Vermouth is the most popular aromatized wine and a key component of martinis. It comes in 2 styles, dry and sweet. Dry vermouth, or French vermouth, is a blend of white wine, herbs and spices, and brandy for fortification.

Sweet vermouth, or Italian vermouth, is made from white or red wine, herbs and spices, and a fortifying spirit. It’s much fruitier and often sweetened with caramelized sugar. Manhattan recipes typically call for sweet vermouth.

If you love the taste of vermouth but want to cut back on the alcohol, <">non-alcoholic spirit brands have come up with high-quality, alcohol-free vermouth to mix or drink straight up. 

Fortified Wine Aging

Many fortified wines won’t hit store shelves until they’ve aged to a winemaker’s preferences. 

You’ve already heard about Madeira and estufagem. Fortified wines like sherry are also aged using a specific kind of <" target="_blank" rel="noopener">system called solera. This system of aging wine was popularized by Spanish and Portuguese winemakers to bring more consistency to vintage wines. 

After sherry is fortified with grape spirits, it’s poured into barrels that are stacked on top of one another in rows. This is the solera. The top row gets the newest sherry, the second row gets the previous year’s sherry, and so on down to the last row.

The last row in the solera is the oldest sherry, and what eventually gets bottled for sale and sipping. This is why you won’t find a “vintage” sherry. When it’s prepared in this way, it’s always a blend of all different kinds of sherry.

Storage Recommendations

Optimal storage varies based on wine style. Generally, store unopened bottles in cool, dark places without temperature swings. They should be fine for several months thanks to the fortifying spirits added to the wine. Vintage ports can sit for much longer. 

Most opened bottles of fortified wine should be finished within a few days. Store opened bottles in the fridge in between pours.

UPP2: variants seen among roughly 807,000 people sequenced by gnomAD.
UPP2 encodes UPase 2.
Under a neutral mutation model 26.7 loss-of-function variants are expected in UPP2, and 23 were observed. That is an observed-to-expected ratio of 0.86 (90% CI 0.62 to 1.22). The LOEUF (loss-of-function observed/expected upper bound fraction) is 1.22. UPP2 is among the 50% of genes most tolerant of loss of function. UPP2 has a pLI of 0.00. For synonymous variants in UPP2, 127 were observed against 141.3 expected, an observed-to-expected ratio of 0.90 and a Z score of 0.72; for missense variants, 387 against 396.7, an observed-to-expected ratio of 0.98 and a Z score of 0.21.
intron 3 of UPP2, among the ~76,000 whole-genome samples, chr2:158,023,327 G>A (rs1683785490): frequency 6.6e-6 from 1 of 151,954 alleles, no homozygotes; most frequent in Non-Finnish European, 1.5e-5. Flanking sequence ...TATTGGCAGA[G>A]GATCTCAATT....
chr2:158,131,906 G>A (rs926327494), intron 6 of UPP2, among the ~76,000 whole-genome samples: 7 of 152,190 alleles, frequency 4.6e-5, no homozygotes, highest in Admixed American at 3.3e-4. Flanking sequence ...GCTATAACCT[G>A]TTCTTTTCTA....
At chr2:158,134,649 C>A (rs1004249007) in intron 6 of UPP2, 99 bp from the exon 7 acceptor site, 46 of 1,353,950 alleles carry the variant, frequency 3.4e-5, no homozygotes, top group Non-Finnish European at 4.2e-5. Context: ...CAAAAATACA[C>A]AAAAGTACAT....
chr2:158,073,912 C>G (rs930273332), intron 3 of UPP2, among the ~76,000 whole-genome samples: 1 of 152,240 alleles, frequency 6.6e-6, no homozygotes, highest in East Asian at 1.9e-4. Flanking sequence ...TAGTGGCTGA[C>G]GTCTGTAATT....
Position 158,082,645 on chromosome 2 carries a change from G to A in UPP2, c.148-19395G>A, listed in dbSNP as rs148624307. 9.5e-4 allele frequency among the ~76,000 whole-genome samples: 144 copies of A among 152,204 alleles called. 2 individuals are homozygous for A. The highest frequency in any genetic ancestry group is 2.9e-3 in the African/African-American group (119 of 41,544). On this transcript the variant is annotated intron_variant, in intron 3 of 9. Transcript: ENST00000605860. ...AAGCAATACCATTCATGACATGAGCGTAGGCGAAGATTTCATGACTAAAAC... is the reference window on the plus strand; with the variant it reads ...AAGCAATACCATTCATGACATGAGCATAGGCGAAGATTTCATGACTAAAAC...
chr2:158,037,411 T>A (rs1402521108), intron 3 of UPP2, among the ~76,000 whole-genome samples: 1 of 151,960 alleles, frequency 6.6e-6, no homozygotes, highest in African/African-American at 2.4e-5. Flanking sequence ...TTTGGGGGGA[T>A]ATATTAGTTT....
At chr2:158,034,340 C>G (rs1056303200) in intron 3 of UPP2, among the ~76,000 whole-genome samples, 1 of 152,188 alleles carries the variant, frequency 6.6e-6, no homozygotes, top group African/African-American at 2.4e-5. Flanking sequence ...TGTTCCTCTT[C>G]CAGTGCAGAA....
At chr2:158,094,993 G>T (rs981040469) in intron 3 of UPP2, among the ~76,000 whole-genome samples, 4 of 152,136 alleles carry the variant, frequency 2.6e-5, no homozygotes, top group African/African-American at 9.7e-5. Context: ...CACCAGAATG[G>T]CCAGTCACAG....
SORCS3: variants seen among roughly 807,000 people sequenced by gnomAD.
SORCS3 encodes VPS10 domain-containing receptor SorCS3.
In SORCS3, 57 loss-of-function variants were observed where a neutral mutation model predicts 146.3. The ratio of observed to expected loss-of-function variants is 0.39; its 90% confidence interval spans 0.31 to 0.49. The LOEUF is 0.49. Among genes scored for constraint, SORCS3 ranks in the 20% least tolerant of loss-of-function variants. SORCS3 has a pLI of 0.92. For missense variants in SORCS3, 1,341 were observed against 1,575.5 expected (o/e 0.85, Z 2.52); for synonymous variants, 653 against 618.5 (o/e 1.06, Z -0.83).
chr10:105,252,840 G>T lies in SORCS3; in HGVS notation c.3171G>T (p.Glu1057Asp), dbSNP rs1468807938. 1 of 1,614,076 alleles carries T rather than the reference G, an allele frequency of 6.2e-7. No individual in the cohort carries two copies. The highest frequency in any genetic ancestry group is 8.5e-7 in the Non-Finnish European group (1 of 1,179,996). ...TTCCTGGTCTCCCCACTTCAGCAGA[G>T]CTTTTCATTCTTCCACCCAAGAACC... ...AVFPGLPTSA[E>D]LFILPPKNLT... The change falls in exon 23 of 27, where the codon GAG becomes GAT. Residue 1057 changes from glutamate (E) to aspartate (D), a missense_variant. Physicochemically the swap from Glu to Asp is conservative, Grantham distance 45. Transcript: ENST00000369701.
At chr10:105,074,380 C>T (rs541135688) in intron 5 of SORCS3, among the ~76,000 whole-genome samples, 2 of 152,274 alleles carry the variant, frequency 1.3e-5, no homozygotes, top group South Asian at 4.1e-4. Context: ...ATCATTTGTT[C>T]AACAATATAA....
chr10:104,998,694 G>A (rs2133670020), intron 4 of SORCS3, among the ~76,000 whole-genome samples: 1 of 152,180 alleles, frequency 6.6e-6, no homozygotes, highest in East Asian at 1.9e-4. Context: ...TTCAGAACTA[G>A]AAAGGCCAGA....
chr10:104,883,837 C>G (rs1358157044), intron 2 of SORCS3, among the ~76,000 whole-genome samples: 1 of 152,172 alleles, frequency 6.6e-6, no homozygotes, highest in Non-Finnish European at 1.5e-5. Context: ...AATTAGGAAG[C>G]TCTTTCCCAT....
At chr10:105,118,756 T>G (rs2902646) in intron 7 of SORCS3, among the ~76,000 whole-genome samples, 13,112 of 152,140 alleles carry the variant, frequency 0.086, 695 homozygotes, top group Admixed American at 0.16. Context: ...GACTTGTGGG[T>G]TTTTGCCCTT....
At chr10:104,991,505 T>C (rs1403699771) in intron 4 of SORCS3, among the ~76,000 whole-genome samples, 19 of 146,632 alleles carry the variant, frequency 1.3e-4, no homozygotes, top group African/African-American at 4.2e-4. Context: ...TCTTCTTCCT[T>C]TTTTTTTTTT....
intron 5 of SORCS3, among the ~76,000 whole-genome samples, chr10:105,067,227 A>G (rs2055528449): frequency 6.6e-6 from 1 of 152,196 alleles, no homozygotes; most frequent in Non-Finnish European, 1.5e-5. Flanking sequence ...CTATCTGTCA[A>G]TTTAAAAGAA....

How to Serve Fortified Wine

What’s the best way to drink fortified wine? The best way to drink fortified wine is the same way you’d drink traditional wine, just in a smaller serving size. A serving size of most fortified wines is about 3 oz.

Whether you chill or serve at room temperature depends on the type of fortified wine. Most ports are best just under room temperature. Warm-weather ports can be served on the rocks. Some fortified wines work well in mixed drinks and cocktails. Others are delicious as cooking wines.

Pairing Dessert Wines

You can treat many sweet fortified wines like dessert wines. Consider the tasting notes you get from those wines when plotting out your sweets. Here are a few examples:

  • Ruby Port is bright and fruity. Chocolate and berry pies are a natural combination for the wine’s rich texture.
  • Marsala wines work well with decadent chocolate desserts like truffles or tiramisu. Try a semi-dry variety if your dessert is more savory.
  • Play off the caramel notes in a Tawny Port with a crème brûlée or dried fruits. If you want to serve this one ahead of a meal, it’s great with nuts, too.

A dry fortified wine can be used like an aperitif. Serve your cheese and crackers with a dry sherry. 

If you want to serve <">non-alcoholic drinks along with your sweets or hors d'oeuvres, you have options outside of fortified wines. Surely’s <" rel="sponsored">non-alcoholic wines pair well with whatever is on the menu, and you don’t need to watch your serving sizes.

Try our <" rel="sponsored">non-alcoholic sparkling white with your cheese board or the <" rel="sponsored">non-alcoholic pinot noir with your chocolate tart. Surely wine is versatile and delicious.


  1. <" rel="nofollow">Port wine
  2. <" rel="nofollow">Polyphenols, antioxidant potential and color of fortified wines during accelerated ageing: the Madeira Wine case study
  3. <" rel="nofollow">Analytical and Chemometric Characterization of Fino and Amontillado Sherries during Aging in Criaderas y Solera System

« Back to Blog